I can finally say that my SLI system was necessary. I need it to render the graphs in powerpoint.

Of course, seeing how powrpoint can do videos as well now and some other crazy effects few people even know about.

It probably wouldn't give them the leeway to play with, most likely anything above 1.8GB or around there would be rounded up to 2.5GB.

WelshBluebird said,
"1.99GB would be rounded up to 2.5GB."

Is anyone else confused about this? Surely 1.99GB would round to 2GB??


Nope, it's just in case. But I think Microsoft would try to compress it a little bit more to get it down to 2GB required.

cybertimber2008 said,
Interesting that it didn't say the required OSs.
Didn't 2007 require XP SP2 and up?

If that was true for Office 2007 then saying "If you can run 2007 you'll be able to run 2010 just fine" has that covered.

Soldiers33 said,

they always say that and when you run it its slow as hell
That's why they are called minimum and we have recommended or "optimal" requirements.

However, I kind of agree with you. They are set too low this time.

Soldiers33 said,

they always say that and when you run it its slow as hell

Multitasking, folks.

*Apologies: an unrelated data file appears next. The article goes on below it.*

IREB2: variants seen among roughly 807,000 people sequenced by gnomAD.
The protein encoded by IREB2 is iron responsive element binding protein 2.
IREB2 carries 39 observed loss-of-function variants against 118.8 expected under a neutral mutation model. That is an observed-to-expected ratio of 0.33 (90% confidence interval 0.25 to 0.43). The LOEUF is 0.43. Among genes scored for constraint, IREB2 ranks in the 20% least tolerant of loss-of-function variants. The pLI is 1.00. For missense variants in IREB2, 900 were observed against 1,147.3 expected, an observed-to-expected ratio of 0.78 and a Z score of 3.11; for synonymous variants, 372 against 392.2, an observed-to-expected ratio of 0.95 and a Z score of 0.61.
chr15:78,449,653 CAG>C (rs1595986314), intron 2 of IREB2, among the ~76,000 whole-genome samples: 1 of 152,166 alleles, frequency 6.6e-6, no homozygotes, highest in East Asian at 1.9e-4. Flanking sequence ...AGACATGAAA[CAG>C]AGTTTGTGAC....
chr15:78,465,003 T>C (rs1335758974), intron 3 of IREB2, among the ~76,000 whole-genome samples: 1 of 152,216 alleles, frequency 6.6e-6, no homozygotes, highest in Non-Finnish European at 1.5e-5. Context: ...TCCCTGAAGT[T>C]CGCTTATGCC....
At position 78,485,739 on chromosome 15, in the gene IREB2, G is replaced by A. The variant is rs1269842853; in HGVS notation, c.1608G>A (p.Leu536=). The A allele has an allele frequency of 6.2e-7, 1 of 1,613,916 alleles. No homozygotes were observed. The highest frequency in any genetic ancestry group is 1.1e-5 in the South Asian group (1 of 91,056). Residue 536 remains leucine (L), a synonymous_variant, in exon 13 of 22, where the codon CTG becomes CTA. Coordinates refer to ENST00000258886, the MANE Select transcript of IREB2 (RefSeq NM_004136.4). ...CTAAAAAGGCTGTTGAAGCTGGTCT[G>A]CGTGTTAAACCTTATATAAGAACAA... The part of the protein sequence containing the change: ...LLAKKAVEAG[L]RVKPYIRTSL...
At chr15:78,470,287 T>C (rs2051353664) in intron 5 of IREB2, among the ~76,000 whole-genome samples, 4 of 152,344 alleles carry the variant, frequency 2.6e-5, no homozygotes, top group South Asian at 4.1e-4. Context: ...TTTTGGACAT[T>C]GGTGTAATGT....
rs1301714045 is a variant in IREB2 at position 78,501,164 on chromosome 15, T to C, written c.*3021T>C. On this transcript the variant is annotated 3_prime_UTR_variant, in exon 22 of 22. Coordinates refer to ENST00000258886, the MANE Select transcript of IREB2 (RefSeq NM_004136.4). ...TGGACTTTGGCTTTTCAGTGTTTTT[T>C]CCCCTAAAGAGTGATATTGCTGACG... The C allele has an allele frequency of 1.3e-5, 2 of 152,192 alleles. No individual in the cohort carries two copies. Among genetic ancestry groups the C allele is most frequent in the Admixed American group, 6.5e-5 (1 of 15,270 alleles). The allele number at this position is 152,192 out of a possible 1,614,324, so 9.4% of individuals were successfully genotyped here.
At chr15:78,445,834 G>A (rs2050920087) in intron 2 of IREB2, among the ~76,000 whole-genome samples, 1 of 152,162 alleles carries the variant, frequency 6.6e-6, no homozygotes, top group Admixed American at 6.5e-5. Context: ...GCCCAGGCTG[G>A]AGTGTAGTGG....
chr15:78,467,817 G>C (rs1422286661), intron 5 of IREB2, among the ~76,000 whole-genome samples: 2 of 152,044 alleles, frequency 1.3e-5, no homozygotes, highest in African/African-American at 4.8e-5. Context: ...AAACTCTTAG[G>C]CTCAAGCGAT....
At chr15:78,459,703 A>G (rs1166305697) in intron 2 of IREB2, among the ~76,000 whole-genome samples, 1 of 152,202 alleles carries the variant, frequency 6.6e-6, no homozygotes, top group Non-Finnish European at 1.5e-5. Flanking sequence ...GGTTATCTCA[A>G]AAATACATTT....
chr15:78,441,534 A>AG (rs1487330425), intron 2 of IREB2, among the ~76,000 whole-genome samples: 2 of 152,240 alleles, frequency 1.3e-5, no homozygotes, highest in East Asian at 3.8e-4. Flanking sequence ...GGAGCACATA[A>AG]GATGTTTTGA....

Office usually has more running than just the Offiice application itself (this has been true since Office 2000) as, starrting with that version, additional background processes were added (largely moved from the foreground). Secondly, Office 2010 is (except for C2R) designed largely for multicore (real or virtual) processors (it's faster on Northwood-C processors than Northwood-B, even when clocked identically; the difference can only be due to the load moving to that second virtual core; however, even low-end true multicore CPUs, such as Celeron DC, are faster still than even Northwood-C).

It is low although realistically I can't see too many people running this on a system with less than a gig anyway, at least not legally. While XP will run on a machine with that much RAM I doubt it's likely that a user would be prepared to shell out for office who has not also shelled out for RAM at some point. Anyone with a system that old probably doesn't want to upgrade anything, including their office suite.

And systems running a newer OS probably shipped with a gig at minimum anyway.

Edited by Smigit, Jan 23 2010, 4:06pm :

warwagon said,
I'd just be happy if wordpad in Windows 7 had spell checking :D
If only Windows had system wide spell check like OSX :(

Rudy said,
If only Windows had system wide spell check like OSX :(

Personally I don't want to see it being added to win32 - they need stop adding features to a dying API and focus on getting .NET up to speed so that it can eventually replace win32 one day.